The Patient Protection and Affordable Care Act brought a lot of relief to consumers concerned about not being able to get coverage at an relatively low price. However, that hasn't necessarily been the case for the millions of Americans who are frequent smokers. Their coverage costs tend to be much higher, but it's no deterrent to their habits.
The ACA allows smokers to be charged as much as 50 percent more for the same coverage as people who fit similar demographic profiles but don't smoke, according to a report from St. Louis television station KSDK. The reasons why smokers have to pay more are obvious: The habit puts them at much greater risk for a variety of health concerns that can be quite costly for insurers to deal with. Nonetheless, the cost can be quite difficult for many to afford.
Why is that the case?
Those who smoke tend to be from lower-income groups, so an increase in coverage costs can be especially painful for them, the report said. This is especially true because low-income smokers in a number of states fall into the so-called "coverage gap" between the federal thresholds for exchange eligibility and Medicaid programs that were not expanded in dozens of states.
That means they're going to end up having to pay full price for their coverage if they decide to take it on at all, the report said. Today, nearly 2 in every 5 adults who go without health insurance are smokers. Problematically, though, the smoking habit bumped many smokers' annual premiums to more than their income. In general, too, smokers tend to pay about 14 percent of their salaries for health insurance. That number is just 7 percent for non-smokers.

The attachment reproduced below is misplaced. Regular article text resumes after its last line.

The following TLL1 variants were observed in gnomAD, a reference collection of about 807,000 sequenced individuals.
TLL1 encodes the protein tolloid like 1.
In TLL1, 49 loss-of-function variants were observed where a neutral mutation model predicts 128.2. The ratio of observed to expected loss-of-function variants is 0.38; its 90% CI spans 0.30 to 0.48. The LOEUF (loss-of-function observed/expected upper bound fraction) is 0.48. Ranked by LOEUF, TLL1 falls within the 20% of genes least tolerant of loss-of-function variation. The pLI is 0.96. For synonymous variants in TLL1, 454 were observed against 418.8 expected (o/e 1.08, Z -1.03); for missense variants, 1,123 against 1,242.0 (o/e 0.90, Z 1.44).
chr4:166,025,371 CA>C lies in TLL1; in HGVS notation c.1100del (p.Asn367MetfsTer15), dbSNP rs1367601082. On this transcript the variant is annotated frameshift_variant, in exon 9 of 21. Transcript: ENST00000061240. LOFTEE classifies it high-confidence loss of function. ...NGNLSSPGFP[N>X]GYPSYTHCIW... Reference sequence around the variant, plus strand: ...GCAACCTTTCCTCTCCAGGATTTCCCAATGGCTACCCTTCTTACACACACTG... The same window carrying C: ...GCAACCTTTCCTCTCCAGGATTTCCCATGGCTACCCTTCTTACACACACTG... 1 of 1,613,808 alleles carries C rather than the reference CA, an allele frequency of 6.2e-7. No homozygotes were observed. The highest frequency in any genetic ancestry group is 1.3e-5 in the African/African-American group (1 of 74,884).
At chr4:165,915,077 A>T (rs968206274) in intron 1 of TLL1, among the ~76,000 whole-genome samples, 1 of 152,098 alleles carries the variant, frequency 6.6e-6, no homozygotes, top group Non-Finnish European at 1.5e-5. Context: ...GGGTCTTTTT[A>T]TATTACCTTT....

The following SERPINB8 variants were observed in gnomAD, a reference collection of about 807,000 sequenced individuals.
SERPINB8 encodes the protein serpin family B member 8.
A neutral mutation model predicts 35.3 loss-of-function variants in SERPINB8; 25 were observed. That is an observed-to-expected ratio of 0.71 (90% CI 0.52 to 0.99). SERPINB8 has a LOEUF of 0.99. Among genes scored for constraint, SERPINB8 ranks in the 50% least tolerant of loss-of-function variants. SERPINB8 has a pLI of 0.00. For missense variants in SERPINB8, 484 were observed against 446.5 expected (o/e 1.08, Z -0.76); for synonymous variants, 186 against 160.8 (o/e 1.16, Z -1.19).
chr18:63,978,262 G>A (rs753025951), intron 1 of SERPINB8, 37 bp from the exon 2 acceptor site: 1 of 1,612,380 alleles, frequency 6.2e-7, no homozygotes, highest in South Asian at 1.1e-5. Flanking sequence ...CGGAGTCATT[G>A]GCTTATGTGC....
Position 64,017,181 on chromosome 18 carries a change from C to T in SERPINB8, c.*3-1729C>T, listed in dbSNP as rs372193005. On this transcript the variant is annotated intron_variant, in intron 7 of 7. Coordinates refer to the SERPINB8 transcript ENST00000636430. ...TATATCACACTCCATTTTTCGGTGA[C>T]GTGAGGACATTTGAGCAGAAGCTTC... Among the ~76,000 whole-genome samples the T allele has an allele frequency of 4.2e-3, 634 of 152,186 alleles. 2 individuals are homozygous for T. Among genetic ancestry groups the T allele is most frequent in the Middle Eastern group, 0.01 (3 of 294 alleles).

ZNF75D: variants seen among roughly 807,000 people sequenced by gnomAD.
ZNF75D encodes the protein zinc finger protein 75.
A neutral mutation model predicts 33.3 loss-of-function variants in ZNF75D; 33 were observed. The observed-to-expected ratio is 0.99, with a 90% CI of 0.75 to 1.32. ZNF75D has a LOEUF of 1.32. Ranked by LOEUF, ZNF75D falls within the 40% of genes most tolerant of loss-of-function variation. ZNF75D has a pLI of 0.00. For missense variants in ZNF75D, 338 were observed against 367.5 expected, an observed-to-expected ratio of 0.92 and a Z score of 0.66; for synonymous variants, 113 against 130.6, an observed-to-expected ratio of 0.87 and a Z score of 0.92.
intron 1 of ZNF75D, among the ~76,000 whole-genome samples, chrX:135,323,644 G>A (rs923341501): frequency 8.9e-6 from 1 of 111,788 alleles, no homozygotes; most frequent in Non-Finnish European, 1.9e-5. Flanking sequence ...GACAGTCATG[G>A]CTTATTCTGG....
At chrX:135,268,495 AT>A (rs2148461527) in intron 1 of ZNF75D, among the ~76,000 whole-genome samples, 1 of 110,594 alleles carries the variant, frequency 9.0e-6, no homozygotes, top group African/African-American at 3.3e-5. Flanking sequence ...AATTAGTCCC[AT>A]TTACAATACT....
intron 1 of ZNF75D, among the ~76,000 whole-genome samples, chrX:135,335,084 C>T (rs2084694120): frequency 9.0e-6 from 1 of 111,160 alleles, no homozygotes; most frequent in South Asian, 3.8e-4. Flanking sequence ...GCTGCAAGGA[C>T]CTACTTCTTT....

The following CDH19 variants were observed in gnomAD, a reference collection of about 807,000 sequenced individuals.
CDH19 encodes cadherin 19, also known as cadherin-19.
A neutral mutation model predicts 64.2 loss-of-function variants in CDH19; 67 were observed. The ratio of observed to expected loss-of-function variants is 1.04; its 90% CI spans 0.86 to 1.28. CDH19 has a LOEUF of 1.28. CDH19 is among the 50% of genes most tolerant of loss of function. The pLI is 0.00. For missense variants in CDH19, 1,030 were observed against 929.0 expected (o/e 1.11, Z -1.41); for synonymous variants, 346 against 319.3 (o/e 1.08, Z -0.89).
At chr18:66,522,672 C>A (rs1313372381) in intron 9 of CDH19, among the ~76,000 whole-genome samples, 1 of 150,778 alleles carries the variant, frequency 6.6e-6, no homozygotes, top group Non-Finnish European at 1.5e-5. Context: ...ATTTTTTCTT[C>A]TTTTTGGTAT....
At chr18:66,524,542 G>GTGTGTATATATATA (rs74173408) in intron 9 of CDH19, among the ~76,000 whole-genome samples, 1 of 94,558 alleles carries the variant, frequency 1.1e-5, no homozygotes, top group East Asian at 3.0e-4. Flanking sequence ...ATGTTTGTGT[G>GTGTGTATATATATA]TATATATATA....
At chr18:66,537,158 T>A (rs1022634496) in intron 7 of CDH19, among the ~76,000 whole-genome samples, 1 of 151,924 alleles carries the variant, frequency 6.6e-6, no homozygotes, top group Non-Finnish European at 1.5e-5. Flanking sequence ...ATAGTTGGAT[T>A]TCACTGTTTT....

That doesn't stop them
One might think that all those extra costs associated with smoking would be enough to push low-income Americans away from cigarettes, but it's not, according to a recent study from Yale University. Smokers who were hit with the additional charge for their habit were nearly 12 percent more likely to just go without coverage on the whole. Those under the age of 40 were 20 percent more likely to eschew coverage rather than quit smoking.
The researchers theorized that by putting a substantial price to smoking, it helped people rationalize the decision to keep doing it, the report said. That is to say, most people know smoking is a bad and rather expensive habit, but not one they're inclined to give up. Therefore, trying to scare them away with higher costs might be unsuccessful simply because it "can alleviate the guilt of engaging in them, which has an unexpected effect: the behaviors increase."
For these reasons, insurers might want to go with more of a carrot-related approach than continuing to rely on the stick. Incentivizing people to quit smoking, rather than punishing them for doing it, may be able to help reduce the rates at which people smoke or go without insurance because they do so. That, in turn, can help both sides of the equation immensely.